In that night was Belshazzar the king of the Chaldeans slain.
THE JUDGMENT OF THIS NIGHT HAD BEEN LONG THREATENED. Upwards of one hundred and sixty years before this, the taking of Babylon by Cyrus had been predicted. Ages before the deliverer was born, his very name is given and his work described (Isaiah 45:1-7
). Up to the very hour the probability seemed against such an occurrence. "Because sentence against an evil work is not executed speodily," sinners infer that it will never come. Come it must; the march of justice may be slow. but her steps are resistless, and her movements punctual to the moment.
II. THE JUDGMENT OF THIS NIGHT WAS NOT AT ALL EXPECTED. This night began with a grand festival — a royal banquet. Perhaps, amidst the riot of the talk and jestings of that season, many a contemptuous joke was passed as to the futilities of all invading projects. They were the great nation, their city the great city, their armies the great armies — none like them; yet at this very hour, Cyrus, the officer of eternal justice, was at their door. Thus it was then, as it often has been, that, at the moment men cry peace and safety, that moment destruction arrives.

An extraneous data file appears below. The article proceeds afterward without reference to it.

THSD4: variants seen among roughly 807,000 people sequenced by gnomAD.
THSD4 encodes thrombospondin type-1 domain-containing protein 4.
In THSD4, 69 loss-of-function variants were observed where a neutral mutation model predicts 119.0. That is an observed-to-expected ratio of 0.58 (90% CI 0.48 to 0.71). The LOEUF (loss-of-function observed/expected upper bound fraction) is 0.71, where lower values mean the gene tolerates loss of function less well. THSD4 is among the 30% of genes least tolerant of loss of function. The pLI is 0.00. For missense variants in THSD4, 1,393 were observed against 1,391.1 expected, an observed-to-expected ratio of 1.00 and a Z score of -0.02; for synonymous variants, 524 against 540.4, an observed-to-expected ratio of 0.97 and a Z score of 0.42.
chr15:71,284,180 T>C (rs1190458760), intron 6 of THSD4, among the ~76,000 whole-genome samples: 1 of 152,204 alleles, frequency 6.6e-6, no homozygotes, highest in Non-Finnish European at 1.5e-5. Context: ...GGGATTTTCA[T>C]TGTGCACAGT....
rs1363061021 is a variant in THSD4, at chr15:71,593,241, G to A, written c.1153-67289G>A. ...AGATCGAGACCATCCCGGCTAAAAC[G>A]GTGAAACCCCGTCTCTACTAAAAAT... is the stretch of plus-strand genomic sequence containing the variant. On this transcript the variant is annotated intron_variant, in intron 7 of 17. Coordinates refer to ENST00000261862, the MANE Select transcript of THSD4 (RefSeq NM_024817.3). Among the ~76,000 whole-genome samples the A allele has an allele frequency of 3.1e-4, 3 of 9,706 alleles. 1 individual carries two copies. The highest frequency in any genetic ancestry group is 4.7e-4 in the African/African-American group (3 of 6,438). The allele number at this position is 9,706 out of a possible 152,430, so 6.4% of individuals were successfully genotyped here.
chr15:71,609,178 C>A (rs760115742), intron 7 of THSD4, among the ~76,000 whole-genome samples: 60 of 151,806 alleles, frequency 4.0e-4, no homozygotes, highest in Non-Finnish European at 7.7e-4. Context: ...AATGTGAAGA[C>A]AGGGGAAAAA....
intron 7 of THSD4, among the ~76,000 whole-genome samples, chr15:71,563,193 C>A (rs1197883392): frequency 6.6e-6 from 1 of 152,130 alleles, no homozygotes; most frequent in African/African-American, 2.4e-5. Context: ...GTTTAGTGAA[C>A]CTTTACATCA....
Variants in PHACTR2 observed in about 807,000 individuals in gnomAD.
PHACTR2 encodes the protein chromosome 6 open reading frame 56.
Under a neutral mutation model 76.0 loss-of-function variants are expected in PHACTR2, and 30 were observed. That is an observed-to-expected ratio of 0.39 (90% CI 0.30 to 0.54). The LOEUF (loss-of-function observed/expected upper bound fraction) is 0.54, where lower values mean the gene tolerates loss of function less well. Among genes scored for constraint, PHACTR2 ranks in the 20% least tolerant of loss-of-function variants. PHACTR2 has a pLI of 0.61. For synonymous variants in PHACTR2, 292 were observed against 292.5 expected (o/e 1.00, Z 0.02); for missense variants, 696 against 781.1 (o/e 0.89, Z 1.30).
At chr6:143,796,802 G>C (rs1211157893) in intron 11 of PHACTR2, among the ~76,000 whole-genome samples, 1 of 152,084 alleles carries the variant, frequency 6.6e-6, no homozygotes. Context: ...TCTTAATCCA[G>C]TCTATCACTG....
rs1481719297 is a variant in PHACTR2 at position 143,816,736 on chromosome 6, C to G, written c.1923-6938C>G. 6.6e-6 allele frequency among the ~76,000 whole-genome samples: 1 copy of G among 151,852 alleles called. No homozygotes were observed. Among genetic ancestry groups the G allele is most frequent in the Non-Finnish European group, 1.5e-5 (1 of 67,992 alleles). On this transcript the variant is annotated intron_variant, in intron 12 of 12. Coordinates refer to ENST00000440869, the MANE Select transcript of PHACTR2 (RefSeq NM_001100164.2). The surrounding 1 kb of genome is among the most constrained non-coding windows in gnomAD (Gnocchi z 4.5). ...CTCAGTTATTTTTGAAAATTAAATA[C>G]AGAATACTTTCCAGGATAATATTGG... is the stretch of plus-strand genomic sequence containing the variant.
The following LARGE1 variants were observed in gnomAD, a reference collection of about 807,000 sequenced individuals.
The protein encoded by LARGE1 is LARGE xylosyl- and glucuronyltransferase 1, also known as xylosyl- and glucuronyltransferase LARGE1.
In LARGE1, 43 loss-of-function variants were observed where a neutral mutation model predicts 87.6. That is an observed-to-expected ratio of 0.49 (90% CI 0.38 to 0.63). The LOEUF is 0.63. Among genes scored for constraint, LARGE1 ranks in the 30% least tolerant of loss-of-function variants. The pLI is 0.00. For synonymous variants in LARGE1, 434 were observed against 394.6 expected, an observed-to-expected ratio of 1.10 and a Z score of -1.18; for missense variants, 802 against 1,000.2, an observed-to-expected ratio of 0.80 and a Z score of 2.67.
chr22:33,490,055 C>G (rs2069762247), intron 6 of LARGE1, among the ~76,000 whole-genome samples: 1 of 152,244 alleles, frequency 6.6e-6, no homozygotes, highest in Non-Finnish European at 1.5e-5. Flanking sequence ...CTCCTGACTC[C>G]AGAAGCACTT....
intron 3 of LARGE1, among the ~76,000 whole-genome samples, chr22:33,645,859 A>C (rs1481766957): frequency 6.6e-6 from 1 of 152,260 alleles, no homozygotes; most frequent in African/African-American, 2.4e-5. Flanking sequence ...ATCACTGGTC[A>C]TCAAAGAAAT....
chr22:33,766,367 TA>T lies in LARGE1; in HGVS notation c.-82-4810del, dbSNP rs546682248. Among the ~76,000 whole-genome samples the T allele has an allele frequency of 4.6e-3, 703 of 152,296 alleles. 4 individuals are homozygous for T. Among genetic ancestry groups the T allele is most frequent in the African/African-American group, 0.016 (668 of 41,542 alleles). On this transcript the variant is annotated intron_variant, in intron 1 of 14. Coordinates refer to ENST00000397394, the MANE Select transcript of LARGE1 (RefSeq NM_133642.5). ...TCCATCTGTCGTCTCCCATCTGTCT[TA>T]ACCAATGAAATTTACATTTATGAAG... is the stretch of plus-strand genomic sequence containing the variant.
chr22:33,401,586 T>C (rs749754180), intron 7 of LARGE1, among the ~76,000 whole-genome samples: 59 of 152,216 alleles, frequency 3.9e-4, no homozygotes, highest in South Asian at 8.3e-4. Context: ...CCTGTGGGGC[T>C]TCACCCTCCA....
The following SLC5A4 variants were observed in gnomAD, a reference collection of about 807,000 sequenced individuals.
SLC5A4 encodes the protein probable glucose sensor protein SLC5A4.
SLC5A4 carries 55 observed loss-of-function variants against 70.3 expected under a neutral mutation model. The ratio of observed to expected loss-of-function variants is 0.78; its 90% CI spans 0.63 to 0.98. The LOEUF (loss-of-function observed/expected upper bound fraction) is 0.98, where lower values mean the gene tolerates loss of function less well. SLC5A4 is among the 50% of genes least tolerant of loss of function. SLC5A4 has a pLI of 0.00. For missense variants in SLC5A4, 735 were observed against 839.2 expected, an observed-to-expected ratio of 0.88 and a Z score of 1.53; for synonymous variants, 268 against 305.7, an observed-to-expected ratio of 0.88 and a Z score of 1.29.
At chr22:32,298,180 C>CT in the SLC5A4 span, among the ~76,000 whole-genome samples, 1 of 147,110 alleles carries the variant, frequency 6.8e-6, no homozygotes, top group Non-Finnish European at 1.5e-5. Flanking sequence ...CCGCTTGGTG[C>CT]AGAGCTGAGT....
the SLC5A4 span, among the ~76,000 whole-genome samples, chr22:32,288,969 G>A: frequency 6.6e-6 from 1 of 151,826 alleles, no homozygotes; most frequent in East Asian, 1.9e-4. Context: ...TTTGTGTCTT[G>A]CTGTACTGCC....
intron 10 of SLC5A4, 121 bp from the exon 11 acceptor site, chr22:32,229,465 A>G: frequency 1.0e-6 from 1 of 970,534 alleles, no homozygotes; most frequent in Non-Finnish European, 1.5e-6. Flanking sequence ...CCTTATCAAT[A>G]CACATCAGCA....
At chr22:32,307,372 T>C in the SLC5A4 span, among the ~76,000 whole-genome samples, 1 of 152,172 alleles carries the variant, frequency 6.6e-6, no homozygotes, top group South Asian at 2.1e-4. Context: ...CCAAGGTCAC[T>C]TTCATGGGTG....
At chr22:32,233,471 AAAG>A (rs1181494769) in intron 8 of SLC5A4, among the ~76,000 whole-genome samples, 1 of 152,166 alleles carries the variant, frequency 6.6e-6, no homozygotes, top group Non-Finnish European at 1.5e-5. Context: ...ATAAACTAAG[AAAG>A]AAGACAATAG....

III. THE JUDGMENT OF THIS NIGHT ROUSED THE CONSCIENCE OF THE MONARCH TO AGONY ON ITS FIRST TOKEN. "In the same hour came forth fingers of a man's hand," etc. (v. 5, 6).
IV. THE JUDGMENT OF THIS NIGHT HAD TERRORS NO MORTAL COULD ALLAY.
1. He tried the wise men.
2. He tried Daniel. Daniel gave him the meaning of the writing, but the meaning could afford him no consolation.
V. THE JUDGMENT OF THIS NIGHT SETTLED FOR EVER THE FATE OF ITS VICTIMS.
1. The fate of Belshazzar was settled. He was slain.